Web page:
This monument was not identified by CFHS but after some self set tree removal in April 2019 we were able to see some of the inscription and after searching the parish burial record found it marked the burial of John Ricardo Redden.
Monument This tall cross stands to the east of the central path, north of the centre circle. In the centre of the cross there is a carved sheep that represents the Lamb of God. At the base is a shield with the simple, but badly worn, inscription. The shield may have been chosen because his father was a heraldic painter.
John Ricardo Redd[en]
Died aged 1
Requiescat in [Pacecm]
John Ricardo Redden (1844 – 1860) John was the eldest child of Maria Everett née Wilkinson and and John Redden. His birth was registered in Cambridge in the first quarter of 1844. He died “after a long and most painful illness” on the 6th March 1860 when he was only 16 years old. His death was reported in the Cambridge Independent Press mainly because he was the son of Daniel Redden an Irish gentleman and “the great nephew of the late Daniel Ricardo MP” also his great aunts owned that newspaper.
John’s father was from Cork, Ireland where his father was a coach builder. It is not known what brought him to England but he set up a coach building business in Regent St Cambridge, opposite the University Arms Hotel. In 1845 the business ran into trouble and he was declared bankrupt but by 1847 he was back in business now in Belmont Place off Jesus Lane. His advert for an apprentice in 1847 was in the same edition of the CIP as the announcement of his father’s death in Cork. John snr died sometime after 1850 and before his son’s death in 1860 but we have not yet found a date or place.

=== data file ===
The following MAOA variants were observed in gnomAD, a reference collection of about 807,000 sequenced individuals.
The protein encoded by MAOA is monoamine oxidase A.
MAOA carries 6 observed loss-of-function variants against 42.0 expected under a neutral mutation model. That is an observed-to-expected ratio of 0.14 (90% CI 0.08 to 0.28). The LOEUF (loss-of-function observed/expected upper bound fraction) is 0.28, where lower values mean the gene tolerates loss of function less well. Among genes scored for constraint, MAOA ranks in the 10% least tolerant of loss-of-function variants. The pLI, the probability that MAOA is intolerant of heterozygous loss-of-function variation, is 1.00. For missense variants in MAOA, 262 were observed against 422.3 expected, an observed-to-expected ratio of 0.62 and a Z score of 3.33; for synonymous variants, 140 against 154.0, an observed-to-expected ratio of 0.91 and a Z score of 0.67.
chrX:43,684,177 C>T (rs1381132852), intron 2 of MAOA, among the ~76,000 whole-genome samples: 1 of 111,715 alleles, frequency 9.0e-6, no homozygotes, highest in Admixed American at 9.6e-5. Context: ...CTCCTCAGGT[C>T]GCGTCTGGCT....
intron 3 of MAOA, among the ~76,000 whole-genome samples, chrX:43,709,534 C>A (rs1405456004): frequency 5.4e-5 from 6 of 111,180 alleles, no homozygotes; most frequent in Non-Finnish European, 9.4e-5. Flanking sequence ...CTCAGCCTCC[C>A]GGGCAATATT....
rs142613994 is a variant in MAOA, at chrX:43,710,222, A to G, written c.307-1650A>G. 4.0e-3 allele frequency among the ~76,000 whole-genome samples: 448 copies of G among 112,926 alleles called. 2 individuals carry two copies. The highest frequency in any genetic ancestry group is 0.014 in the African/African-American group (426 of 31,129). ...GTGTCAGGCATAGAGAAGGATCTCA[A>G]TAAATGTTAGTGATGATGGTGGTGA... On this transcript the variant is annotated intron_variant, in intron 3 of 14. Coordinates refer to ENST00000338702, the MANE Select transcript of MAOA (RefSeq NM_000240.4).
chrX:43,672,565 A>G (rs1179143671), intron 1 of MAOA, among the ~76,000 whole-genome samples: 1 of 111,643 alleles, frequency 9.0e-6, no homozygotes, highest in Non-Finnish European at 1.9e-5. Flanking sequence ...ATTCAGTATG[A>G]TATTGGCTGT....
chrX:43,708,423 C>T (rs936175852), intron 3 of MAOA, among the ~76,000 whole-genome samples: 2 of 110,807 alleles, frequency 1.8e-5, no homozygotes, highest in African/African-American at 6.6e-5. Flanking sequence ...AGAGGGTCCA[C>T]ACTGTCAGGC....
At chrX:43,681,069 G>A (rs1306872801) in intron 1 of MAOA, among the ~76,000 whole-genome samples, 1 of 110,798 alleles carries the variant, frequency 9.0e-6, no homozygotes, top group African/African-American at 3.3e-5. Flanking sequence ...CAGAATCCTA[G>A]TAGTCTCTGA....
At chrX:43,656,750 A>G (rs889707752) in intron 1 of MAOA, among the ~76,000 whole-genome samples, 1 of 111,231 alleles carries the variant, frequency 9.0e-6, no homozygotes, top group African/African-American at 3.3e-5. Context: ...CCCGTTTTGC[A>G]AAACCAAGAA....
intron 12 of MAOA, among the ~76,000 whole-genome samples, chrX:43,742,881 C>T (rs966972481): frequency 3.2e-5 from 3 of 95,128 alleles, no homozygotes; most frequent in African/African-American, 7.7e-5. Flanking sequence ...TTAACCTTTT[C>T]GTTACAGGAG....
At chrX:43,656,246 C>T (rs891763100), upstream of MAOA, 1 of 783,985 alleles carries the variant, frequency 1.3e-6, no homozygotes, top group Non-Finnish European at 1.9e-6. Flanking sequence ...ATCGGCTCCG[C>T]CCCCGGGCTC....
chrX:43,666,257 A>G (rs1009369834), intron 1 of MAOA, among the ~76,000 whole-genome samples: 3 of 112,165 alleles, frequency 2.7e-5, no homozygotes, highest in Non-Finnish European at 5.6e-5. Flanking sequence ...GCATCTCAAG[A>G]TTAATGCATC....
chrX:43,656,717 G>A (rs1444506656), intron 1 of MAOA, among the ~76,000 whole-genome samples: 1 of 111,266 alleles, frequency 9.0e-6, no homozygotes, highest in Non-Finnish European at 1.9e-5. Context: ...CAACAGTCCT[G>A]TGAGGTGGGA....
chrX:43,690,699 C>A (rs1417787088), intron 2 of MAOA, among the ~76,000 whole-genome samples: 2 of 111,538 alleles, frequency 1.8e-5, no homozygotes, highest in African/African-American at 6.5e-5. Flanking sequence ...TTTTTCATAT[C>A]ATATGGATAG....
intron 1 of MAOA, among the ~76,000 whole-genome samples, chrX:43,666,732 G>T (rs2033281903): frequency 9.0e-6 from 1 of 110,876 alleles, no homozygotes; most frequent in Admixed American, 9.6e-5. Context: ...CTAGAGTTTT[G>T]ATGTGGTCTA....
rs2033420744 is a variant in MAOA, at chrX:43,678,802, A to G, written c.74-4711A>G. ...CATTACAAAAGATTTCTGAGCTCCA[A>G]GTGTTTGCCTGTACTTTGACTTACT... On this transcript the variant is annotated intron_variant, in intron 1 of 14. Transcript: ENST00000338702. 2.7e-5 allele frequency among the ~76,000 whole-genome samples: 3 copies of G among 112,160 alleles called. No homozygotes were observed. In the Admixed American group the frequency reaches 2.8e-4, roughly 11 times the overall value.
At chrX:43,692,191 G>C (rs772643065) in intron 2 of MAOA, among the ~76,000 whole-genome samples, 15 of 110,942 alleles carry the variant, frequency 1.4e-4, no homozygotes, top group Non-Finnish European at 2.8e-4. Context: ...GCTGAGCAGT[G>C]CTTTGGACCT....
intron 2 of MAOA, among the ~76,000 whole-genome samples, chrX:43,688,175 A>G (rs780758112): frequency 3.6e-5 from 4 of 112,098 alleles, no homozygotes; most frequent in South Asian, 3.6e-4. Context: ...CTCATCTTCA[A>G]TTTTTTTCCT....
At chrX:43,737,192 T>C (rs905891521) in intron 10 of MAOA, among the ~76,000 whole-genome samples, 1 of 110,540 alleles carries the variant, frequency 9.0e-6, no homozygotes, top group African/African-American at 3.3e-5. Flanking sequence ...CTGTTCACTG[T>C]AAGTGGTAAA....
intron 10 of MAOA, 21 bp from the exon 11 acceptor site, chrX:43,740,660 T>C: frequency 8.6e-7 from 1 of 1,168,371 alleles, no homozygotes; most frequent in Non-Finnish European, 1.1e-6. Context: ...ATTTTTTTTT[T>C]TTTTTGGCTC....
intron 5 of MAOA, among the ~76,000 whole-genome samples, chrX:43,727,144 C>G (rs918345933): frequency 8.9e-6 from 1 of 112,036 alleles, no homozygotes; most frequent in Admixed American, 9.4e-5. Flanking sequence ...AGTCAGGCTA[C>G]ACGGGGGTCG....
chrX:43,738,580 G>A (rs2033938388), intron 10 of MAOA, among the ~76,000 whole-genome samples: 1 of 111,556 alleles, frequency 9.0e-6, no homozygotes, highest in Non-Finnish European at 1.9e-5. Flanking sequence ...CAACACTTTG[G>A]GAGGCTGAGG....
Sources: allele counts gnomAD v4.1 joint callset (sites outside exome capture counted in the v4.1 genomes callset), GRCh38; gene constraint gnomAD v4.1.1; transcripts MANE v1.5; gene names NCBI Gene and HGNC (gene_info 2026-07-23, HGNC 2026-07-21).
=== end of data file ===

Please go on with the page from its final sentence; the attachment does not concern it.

In the 1851 census John was with his mother Maria and younger sister, also Maria, at the home of his two great aunts, Elizabeth and Ann Hatfield. Elizabeth & Ann owned the Cambridge Independent Press. Maria gives her occupation as coach builder but she did not appear to be a widow at that time. When John died he was living at his mother’s house in Church St. (Now Christchurch St) off Newmarket Road. After his death Maria sold the house and moved away. In 1871 she was in Croydon with her daughter. She seems to have kept her connections with the newspaper as she is described as a part proprieter. Later that year young Maria was married in Croydon Catholic Church to Leonardo Petre Nicholas Kervel, son of the late consul for Belgum in Jarva. Sadly she died on January 3rd 1873. She is buried in West Norwood Cemetery, Greater London.
In 1881 Maria was in Clapham with her widower son in law, Leonardo, and is described as a printer/stationer.
Research by Mary Naylor
British Newspaper Archive CIP 10 March 1860, 10 April 1847
CFHS transcripts of parish & census records
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